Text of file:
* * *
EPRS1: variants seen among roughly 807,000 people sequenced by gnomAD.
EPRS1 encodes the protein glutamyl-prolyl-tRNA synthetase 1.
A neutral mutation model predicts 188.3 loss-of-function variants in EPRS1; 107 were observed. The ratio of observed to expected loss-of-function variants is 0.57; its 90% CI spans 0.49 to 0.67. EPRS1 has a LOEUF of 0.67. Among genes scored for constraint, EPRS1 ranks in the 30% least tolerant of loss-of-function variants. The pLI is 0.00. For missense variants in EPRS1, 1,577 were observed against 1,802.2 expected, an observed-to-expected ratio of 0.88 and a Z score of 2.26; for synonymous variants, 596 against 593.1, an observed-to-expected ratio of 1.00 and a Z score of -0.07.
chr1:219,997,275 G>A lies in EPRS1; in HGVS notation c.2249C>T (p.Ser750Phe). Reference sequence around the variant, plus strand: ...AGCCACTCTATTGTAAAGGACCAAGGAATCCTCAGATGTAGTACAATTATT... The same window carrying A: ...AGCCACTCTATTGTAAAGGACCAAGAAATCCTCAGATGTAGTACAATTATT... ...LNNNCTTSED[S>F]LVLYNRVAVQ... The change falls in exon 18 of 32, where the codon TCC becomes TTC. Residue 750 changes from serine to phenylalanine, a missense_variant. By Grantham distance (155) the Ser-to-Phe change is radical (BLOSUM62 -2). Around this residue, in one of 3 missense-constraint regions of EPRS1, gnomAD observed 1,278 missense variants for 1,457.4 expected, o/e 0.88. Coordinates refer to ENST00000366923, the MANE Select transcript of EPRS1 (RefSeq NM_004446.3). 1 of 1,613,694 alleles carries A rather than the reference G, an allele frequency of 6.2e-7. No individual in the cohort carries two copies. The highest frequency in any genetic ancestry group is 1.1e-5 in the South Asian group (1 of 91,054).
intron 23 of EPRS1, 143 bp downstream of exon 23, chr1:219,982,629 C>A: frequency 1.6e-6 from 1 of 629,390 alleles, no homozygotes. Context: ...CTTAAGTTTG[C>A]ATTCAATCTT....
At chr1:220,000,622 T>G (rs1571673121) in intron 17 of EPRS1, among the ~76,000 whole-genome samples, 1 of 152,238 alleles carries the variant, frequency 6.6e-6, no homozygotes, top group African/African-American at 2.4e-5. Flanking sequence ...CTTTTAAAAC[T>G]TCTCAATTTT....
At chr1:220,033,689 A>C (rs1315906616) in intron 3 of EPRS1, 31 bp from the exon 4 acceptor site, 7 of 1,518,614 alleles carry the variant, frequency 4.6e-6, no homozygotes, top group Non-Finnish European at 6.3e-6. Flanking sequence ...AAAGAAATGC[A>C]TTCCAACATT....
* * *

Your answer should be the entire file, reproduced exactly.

EPRS1: variants seen among roughly 807,000 people sequenced by gnomAD.
EPRS1 encodes the protein glutamyl-prolyl-tRNA synthetase 1.
A neutral mutation model predicts 188.3 loss-of-function variants in EPRS1; 107 were observed. The ratio of observed to expected loss-of-function variants is 0.57; its 90% CI spans 0.49 to 0.67. EPRS1 has a LOEUF of 0.67. Among genes scored for constraint, EPRS1 ranks in the 30% least tolerant of loss-of-function variants. The pLI is 0.00. For missense variants in EPRS1, 1,577 were observed against 1,802.2 expected, an observed-to-expected ratio of 0.88 and a Z score of 2.26; for synonymous variants, 596 against 593.1, an observed-to-expected ratio of 1.00 and a Z score of -0.07.
chr1:219,997,275 G>A lies in EPRS1; in HGVS notation c.2249C>T (p.Ser750Phe). Reference sequence around the variant, plus strand: ...AGCCACTCTATTGTAAAGGACCAAGGAATCCTCAGATGTAGTACAATTATT... The same window carrying A: ...AGCCACTCTATTGTAAAGGACCAAGAAATCCTCAGATGTAGTACAATTATT... ...LNNNCTTSED[S>F]LVLYNRVAVQ... The change falls in exon 18 of 32, where the codon TCC becomes TTC. Residue 750 changes from serine to phenylalanine, a missense_variant. By Grantham distance (155) the Ser-to-Phe change is radical (BLOSUM62 -2). Around this residue, in one of 3 missense-constraint regions of EPRS1, gnomAD observed 1,278 missense variants for 1,457.4 expected, o/e 0.88. Coordinates refer to ENST00000366923, the MANE Select transcript of EPRS1 (RefSeq NM_004446.3). 1 of 1,613,694 alleles carries A rather than the reference G, an allele frequency of 6.2e-7. No individual in the cohort carries two copies. The highest frequency in any genetic ancestry group is 1.1e-5 in the South Asian group (1 of 91,054).
intron 23 of EPRS1, 143 bp downstream of exon 23, chr1:219,982,629 C>A: frequency 1.6e-6 from 1 of 629,390 alleles, no homozygotes. Context: ...CTTAAGTTTG[C>A]ATTCAATCTT....
At chr1:220,000,622 T>G (rs1571673121) in intron 17 of EPRS1, among the ~76,000 whole-genome samples, 1 of 152,238 alleles carries the variant, frequency 6.6e-6, no homozygotes, top group African/African-American at 2.4e-5. Flanking sequence ...CTTTTAAAAC[T>G]TCTCAATTTT....
At chr1:220,033,689 A>C (rs1315906616) in intron 3 of EPRS1, 31 bp from the exon 4 acceptor site, 7 of 1,518,614 alleles carry the variant, frequency 4.6e-6, no homozygotes, top group Non-Finnish European at 6.3e-6. Flanking sequence ...AAAGAAATGC[A>C]TTCCAACATT....